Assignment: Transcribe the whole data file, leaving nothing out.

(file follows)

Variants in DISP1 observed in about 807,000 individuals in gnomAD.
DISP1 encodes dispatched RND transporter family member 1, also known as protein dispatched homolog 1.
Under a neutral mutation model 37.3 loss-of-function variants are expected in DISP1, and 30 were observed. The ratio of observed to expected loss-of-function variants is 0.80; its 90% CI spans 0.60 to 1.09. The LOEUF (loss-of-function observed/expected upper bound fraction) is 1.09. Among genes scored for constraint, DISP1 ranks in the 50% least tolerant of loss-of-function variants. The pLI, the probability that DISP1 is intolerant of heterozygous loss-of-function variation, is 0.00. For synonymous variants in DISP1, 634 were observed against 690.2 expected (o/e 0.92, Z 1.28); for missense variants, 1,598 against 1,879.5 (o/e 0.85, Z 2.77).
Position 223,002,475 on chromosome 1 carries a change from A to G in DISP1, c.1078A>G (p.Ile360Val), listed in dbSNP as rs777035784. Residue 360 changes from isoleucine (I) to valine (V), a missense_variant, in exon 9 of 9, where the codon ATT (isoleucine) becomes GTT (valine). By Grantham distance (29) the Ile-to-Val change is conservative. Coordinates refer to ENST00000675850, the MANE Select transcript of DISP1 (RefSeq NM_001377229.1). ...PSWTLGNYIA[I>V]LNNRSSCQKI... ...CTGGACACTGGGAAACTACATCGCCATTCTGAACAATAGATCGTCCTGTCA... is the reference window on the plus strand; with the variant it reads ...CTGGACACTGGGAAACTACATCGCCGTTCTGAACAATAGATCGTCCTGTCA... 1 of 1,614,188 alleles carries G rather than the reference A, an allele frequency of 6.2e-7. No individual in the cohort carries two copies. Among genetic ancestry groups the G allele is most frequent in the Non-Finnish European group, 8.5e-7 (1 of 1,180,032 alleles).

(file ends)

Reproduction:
Variants in DISP1 observed in about 807,000 individuals in gnomAD.
DISP1 encodes dispatched RND transporter family member 1, also known as protein dispatched homolog 1.
Under a neutral mutation model 37.3 loss-of-function variants are expected in DISP1, and 30 were observed. The ratio of observed to expected loss-of-function variants is 0.80; its 90% CI spans 0.60 to 1.09. The LOEUF (loss-of-function observed/expected upper bound fraction) is 1.09. Among genes scored for constraint, DISP1 ranks in the 50% least tolerant of loss-of-function variants. The pLI, the probability that DISP1 is intolerant of heterozygous loss-of-function variation, is 0.00. For synonymous variants in DISP1, 634 were observed against 690.2 expected (o/e 0.92, Z 1.28); for missense variants, 1,598 against 1,879.5 (o/e 0.85, Z 2.77).
Position 223,002,475 on chromosome 1 carries a change from A to G in DISP1, c.1078A>G (p.Ile360Val), listed in dbSNP as rs777035784. Residue 360 changes from isoleucine (I) to valine (V), a missense_variant, in exon 9 of 9, where the codon ATT (isoleucine) becomes GTT (valine). By Grantham distance (29) the Ile-to-Val change is conservative. Coordinates refer to ENST00000675850, the MANE Select transcript of DISP1 (RefSeq NM_001377229.1). ...PSWTLGNYIA[I>V]LNNRSSCQKI... ...CTGGACACTGGGAAACTACATCGCCATTCTGAACAATAGATCGTCCTGTCA... is the reference window on the plus strand; with the variant it reads ...CTGGACACTGGGAAACTACATCGCCGTTCTGAACAATAGATCGTCCTGTCA... 1 of 1,614,188 alleles carries G rather than the reference A, an allele frequency of 6.2e-7. No individual in the cohort carries two copies. Among genetic ancestry groups the G allele is most frequent in the Non-Finnish European group, 8.5e-7 (1 of 1,180,032 alleles).